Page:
Over the last year I have received numerous inquires from farms, agri-businesses and food entrepreneurs about the importance of trademarks and the application process. This post seeks to give a cursory overview of a few common questions that come my way.
Trademarks vs. Service Marks
Put simply, a trademark is an identifying mark for consumers in connection with particular goods or services. A trademark can take place in many forms including a word, name, symbol, device, sound, fragrance or “trade dress” of a food product packaging. When this mark is used in commerce, it helps distinguish the origin of the goods or services. On the other hand, a servicemark is the same as a trademark except that it identifies and distinguishes the source of a service rather than a product. The terms, “trademark” and “mark” are commonly used to refer to both trademarks and servicemarks. The purpose of the trademark or service mark is to inform the public about the source of goods or services.
State vs. Federal Trademarks
Trademark registration can take place at the federal level with the U.S. Patent and Trademark Office (“USPTO” or “PTO”) under the Latham Act or the state level with the NYS Department of State (“DOS” or “NYSDOS”). If the good or service is used in interstate commerce, then it may be registered with the USPTO. Although registration is not essential to trademark protection in this country, if eligible, trademark registration with the USPTO greatly enhances legal protections to the trademark owner.
Common Law Trademark Rights
A person or business does not have to register a trademark in order to have intellectual property rights. This is referred to as a “common law” trademark claim. Before registering a mark with the USPTO or NYSDOS, a business can usually use the small ℠ (service mark) or ™ (trademark) symbol. Once a farm or food business has a registered mark, it can use the ® symbol.
Starting a Food/Agri-Business
When starting an agriculture or food business, it is important to run a public record search to make sure the company is not infringing on somebody’s intellectual property rights for similar goods or services. If the mark is confusingly similar to another brand or mark, you may be infringing on somebody else’s trademark. With common law (unregistered trademarks), it’s typically “first in time, first in right.” Whoever is using a mark in a particular market for a class of goods or services, wins. In some cases, I recommend that client’s hire a professional trademark searcher who will look at USTPO trademarks (both dead and active), state trademark registrations in all 50 states, Internet searches, ownership of website domains (even if inactive), and other public records.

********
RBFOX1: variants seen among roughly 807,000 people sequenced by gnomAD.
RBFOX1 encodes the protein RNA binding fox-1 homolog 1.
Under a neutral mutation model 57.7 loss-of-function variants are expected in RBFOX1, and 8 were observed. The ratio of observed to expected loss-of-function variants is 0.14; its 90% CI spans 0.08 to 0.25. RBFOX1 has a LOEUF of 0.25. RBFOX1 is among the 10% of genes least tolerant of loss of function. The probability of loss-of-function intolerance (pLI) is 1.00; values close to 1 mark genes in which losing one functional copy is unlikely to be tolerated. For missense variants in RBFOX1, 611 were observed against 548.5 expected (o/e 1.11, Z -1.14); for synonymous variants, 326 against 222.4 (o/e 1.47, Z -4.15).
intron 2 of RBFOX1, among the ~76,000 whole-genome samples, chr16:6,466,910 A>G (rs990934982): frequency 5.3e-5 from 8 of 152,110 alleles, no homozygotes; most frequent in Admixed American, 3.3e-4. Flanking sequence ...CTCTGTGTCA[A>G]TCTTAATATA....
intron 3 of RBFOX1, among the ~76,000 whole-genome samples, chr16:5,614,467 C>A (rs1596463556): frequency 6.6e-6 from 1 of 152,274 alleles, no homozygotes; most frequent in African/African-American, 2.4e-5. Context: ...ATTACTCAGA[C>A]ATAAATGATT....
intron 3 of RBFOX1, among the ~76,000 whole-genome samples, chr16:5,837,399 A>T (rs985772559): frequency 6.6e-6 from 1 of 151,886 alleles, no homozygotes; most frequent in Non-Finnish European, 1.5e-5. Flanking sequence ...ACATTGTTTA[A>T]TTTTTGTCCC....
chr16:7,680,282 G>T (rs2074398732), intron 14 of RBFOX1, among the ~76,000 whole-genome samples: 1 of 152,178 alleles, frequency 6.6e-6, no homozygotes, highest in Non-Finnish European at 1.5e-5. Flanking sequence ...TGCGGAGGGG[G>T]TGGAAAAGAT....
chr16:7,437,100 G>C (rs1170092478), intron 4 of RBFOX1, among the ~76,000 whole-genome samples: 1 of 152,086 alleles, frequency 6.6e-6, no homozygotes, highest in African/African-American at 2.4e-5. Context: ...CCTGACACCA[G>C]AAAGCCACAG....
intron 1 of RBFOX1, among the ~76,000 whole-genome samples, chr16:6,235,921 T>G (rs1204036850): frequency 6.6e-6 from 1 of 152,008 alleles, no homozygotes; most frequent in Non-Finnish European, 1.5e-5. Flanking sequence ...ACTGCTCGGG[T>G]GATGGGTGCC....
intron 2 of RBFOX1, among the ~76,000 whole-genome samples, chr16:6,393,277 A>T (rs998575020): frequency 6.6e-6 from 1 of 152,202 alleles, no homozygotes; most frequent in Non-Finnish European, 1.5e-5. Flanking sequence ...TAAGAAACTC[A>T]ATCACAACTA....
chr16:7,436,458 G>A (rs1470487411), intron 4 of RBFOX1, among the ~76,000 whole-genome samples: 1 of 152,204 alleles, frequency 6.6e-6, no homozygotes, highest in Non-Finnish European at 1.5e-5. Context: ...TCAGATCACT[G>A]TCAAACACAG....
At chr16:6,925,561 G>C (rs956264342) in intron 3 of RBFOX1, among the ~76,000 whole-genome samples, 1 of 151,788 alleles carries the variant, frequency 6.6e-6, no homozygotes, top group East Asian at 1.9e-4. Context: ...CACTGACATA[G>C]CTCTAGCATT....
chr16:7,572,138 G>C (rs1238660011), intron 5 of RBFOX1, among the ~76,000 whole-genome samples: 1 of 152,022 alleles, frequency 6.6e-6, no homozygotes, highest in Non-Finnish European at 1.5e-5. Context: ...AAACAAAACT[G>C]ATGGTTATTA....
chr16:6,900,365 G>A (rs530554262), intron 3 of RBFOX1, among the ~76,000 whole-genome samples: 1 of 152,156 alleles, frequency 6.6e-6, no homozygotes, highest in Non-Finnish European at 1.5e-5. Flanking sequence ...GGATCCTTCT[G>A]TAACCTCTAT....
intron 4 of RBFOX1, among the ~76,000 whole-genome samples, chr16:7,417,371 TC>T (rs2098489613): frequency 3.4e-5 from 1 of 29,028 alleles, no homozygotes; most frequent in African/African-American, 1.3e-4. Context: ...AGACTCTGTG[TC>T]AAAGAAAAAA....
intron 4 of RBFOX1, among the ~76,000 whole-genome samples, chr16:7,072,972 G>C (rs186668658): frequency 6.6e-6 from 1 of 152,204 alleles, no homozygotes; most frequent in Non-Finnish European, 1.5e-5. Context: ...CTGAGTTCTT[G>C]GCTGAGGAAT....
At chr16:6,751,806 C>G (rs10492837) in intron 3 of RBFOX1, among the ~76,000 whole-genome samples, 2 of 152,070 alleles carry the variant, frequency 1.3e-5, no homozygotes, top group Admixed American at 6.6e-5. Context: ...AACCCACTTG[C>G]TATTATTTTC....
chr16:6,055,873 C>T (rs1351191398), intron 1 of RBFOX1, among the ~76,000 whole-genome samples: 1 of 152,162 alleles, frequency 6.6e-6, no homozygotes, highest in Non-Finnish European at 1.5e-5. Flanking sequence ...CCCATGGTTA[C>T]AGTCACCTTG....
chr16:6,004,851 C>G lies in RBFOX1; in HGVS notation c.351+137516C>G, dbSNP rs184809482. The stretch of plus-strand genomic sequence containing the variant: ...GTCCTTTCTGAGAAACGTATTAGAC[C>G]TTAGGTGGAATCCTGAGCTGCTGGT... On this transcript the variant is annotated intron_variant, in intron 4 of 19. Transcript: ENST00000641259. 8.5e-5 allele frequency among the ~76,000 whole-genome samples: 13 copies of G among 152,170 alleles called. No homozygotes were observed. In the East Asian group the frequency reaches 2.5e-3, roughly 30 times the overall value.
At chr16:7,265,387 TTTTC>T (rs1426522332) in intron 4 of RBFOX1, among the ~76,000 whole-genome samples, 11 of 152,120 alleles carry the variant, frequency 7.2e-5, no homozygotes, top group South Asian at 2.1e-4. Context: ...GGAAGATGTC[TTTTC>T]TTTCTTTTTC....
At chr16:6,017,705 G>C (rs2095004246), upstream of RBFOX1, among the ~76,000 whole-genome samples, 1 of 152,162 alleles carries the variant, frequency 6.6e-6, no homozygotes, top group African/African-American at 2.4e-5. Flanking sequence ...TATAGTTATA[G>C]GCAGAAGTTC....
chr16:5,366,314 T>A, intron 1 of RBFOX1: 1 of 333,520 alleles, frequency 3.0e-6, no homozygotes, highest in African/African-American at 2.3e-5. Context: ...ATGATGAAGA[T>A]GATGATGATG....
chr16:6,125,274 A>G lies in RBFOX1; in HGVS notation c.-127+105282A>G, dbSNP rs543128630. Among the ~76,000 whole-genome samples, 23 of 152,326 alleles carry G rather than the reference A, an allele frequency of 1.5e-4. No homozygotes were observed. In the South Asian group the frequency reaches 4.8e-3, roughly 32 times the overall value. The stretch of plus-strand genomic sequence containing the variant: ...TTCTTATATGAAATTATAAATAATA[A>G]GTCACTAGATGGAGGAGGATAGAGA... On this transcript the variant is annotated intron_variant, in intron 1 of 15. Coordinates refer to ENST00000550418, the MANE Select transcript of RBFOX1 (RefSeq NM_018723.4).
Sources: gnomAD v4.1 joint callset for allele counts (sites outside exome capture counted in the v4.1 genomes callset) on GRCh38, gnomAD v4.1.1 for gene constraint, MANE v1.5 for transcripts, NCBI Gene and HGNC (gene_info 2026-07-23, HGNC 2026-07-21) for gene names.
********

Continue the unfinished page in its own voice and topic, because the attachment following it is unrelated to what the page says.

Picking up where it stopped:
The “Principal Registry”
Although a farm or food entrepreneur does not have to have a federal trademark or service mark to have enforcement rights under common law, admission to the USTPO principal registry offers several advantages. First, in a trademark infringement lawsuit, the fact that a trademark is on the Principal Registry is evidence that the mark is valid and owned by the registrant in connection with the goods or services. Second, even if the USPTO ultimately denies an application to the principal registry, it will give the mark priority over someone who has not applied for a mark. Third, once a mark is on the Principal Registry for five year, it is incontestable under 15 U.S.C. § 1065. Fourth, under 15 U.S.C. § 1124 it strengths the ability to block the importation of an infringing good.
In order to be accepted onto the USPTO principal registry, the mark must be distinctive. Categories of protectable marks are (1) arbitrary or fanciful, (2) suggestive, (3) descriptive, or (4) generic. Marks that are arbitrary, fanciful or suggestive are considered “distinctive” and protectable. Generic terms (e.g. “agriculture” “food” “farm”) are so highly descriptive that they are incapable of acquiring distinctiveness. If a mark is deemed to be “merely descriptive”, then the USPTO will allow the applicatnt to apply for the Supplemental Register. The owner of the mark will still enforcement rights of the mark. After showing exclusive, continuous use of the mark for five years, the applicant than then apply to the Principal Registry.
Take Home Points
Trademarks and service marks are important to protect. If practicable, a farm, agri-business or food entreprenuer should register all eligible marks with the USPTO (if used in interstate commerce) or NYSDOS (if used only in the state of New York) for both standard character marks (e.g., “eSaleBarn) or design marks (i.e., the logo). While the trademark application is pending (or before the application is made), farms and agri/food businesses should use the ℠ (for service marks) or ™ (for trademarks) putting the world on notice that you claim the mark for your business. If you are a business start-up, run a thorough Google search and USPTO search (and if appropriate, hire a professional searcher) to see if there are any trademarks that you might infringe on within a particular class of goods or services. Once you have a trademark or service mark, it is important to protect your intellectual property rights through potential enforcement.
This is just a general overview of a few major bullet points. I highly encourage my readers to seek the counsel of an attorney for an assistance with the trademark application process. An attorney may also be helpful when starting a business to help discern whether there is an issue with the proposed brand name.
“This blog is for informational purposes only and is not intended to create an attorney-client relationship. It is recommended that you speak to an attorney licensed in your jurisdiction before relying on the information in this blog.”